One example of how technology is being employed to free up process data to the advantage of an industrial application was highlighted during a presentation titled, “WiMax Radios Used in SCADA Communications Network.” The session explained how the City of Georgetown, Texas, used wireless to upgrade its 900 MHz radio system for supervisory control and data acquisition (SCADA) communication to a fiber optic communication system. The challenge was providing fiber optic access to SCADA locations that were too remote to economically install cable.
Siemens WiMAX radios provided a solution, acting as a functional extension of the fiber optic network. This allowed for SCADA communications to the remote sites to be the same as they were on the actual fiber optic network. The biggest obstacle in this application was getting line-of-sight clearance between the base stations and the remote sites (i.e., getting above the hills and trees). The base stations were positioned on top of water towers to provide the maximum height possible. However, the subscriber units were located at sites that did not have structures readily available that would provide the required height. To overcome this issue, a geospatial analysis tool was used to create elevation profiles between the sites and calculate the minimum height needed for each subscriber. Utility poles and antenna towers were put in place to provide the necessary height, thus removing any line-of-sight obstructions and allowing the subscriber units to communicate with the base stations.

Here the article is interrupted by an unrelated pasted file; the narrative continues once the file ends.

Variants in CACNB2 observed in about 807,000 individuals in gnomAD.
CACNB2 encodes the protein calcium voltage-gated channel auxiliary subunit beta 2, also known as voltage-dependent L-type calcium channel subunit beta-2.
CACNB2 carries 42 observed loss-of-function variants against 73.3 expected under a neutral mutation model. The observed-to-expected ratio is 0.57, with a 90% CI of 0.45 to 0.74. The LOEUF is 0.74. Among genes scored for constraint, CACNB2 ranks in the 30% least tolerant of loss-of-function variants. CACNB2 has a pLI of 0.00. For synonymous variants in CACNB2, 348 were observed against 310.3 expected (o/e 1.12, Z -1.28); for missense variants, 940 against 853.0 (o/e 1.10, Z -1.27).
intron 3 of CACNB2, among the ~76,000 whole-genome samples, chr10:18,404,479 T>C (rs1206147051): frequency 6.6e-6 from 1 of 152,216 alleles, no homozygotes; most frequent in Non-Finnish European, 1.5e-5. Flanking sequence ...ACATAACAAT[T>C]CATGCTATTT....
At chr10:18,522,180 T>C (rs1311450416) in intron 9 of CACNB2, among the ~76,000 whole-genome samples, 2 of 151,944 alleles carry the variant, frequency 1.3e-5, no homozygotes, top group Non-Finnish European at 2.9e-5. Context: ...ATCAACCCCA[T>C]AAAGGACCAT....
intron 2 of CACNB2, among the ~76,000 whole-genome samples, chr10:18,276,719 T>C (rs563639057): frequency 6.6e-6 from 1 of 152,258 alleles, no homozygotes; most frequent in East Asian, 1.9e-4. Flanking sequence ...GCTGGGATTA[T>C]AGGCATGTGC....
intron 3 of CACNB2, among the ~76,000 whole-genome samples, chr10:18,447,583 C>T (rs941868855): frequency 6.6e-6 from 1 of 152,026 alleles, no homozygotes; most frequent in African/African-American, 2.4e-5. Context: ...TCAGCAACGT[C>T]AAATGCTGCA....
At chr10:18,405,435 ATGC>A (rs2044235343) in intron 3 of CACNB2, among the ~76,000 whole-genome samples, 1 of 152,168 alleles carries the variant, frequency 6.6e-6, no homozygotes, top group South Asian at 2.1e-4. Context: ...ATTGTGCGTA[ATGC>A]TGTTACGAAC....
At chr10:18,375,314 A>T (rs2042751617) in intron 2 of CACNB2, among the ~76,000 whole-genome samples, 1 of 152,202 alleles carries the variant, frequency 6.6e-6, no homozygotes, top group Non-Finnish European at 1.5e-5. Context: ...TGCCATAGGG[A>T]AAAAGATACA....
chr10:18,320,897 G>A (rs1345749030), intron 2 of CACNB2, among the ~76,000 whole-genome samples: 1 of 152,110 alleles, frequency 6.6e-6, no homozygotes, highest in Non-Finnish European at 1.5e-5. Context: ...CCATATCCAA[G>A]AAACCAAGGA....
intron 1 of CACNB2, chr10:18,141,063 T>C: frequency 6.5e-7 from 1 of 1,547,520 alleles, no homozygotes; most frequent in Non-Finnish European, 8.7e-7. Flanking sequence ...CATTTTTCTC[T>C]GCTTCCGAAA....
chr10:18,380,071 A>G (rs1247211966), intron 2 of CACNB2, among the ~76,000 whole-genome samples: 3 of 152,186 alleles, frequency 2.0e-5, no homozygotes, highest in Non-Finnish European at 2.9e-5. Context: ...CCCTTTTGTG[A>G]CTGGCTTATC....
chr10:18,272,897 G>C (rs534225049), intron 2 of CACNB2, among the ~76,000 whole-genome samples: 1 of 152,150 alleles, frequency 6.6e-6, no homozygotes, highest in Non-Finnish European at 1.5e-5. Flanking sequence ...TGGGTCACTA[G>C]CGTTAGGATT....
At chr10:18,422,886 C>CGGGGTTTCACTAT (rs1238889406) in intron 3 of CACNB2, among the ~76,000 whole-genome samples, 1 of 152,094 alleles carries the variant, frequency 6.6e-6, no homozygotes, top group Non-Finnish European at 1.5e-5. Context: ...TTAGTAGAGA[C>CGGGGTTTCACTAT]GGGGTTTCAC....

The role of virtualization